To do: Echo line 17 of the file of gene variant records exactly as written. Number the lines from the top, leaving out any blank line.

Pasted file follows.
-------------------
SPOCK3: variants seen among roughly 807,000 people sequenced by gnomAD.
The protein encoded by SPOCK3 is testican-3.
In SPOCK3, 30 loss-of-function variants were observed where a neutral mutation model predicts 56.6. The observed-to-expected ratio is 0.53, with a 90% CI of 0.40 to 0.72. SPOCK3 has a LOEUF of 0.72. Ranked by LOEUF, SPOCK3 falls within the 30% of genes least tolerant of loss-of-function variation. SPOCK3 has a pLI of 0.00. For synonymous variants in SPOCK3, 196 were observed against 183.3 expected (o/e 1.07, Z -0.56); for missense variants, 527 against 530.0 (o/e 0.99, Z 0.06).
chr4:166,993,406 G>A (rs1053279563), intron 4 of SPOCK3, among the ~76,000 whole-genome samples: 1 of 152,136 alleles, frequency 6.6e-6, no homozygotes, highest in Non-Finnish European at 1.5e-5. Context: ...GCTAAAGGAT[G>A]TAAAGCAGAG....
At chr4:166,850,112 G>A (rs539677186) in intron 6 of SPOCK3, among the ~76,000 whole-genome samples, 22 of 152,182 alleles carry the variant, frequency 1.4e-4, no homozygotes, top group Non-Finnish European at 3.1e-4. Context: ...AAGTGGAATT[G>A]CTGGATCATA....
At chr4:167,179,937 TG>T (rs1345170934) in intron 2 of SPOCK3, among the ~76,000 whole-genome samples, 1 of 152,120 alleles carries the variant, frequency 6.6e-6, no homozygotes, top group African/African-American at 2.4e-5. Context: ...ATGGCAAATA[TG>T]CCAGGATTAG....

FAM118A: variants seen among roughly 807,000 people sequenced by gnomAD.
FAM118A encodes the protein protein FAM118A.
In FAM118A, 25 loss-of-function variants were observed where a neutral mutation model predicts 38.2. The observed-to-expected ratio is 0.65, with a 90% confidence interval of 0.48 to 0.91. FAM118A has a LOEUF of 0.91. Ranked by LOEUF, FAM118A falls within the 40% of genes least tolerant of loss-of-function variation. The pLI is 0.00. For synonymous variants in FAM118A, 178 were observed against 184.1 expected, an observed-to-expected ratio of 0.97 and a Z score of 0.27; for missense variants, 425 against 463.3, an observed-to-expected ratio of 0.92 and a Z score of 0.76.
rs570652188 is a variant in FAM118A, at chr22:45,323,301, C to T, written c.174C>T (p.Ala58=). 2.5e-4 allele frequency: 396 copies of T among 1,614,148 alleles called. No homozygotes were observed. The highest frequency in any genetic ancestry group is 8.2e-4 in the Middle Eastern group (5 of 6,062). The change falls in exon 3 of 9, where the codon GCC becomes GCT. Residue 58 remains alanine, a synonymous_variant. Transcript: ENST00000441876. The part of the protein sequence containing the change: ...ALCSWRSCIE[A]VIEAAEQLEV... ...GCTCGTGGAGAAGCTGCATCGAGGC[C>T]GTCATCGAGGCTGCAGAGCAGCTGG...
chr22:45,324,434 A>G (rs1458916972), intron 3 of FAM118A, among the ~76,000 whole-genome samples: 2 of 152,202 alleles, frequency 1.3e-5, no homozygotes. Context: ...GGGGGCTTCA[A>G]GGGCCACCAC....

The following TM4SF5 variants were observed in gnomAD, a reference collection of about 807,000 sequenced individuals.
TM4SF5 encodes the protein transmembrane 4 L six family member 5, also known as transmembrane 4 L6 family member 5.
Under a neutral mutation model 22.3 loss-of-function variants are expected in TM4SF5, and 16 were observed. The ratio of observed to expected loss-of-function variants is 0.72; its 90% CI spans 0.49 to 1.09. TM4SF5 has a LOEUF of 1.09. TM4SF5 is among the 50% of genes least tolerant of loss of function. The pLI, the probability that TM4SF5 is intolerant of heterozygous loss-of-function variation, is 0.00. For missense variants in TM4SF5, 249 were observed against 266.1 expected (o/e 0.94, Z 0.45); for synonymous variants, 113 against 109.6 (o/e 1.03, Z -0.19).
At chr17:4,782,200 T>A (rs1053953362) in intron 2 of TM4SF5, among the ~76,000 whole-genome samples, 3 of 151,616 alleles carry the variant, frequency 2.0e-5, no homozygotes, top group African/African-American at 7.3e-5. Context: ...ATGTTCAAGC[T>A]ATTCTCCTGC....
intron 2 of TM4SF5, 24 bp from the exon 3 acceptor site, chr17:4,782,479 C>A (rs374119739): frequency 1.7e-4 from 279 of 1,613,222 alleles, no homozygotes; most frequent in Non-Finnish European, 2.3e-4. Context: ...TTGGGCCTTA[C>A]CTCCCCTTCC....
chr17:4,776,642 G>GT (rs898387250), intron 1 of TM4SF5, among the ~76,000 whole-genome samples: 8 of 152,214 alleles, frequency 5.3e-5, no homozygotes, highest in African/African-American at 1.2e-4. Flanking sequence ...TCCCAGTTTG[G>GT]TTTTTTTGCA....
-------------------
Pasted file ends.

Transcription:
chr17:4,776,642 G>GT (rs898387250), intron 1 of TM4SF5, among the ~76,000 whole-genome samples: 8 of 152,214 alleles, frequency 5.3e-5, no homozygotes, highest in African/African-American at 1.2e-4. Flanking sequence ...TCCCAGTTTG[G>GT]TTTTTTTGCA....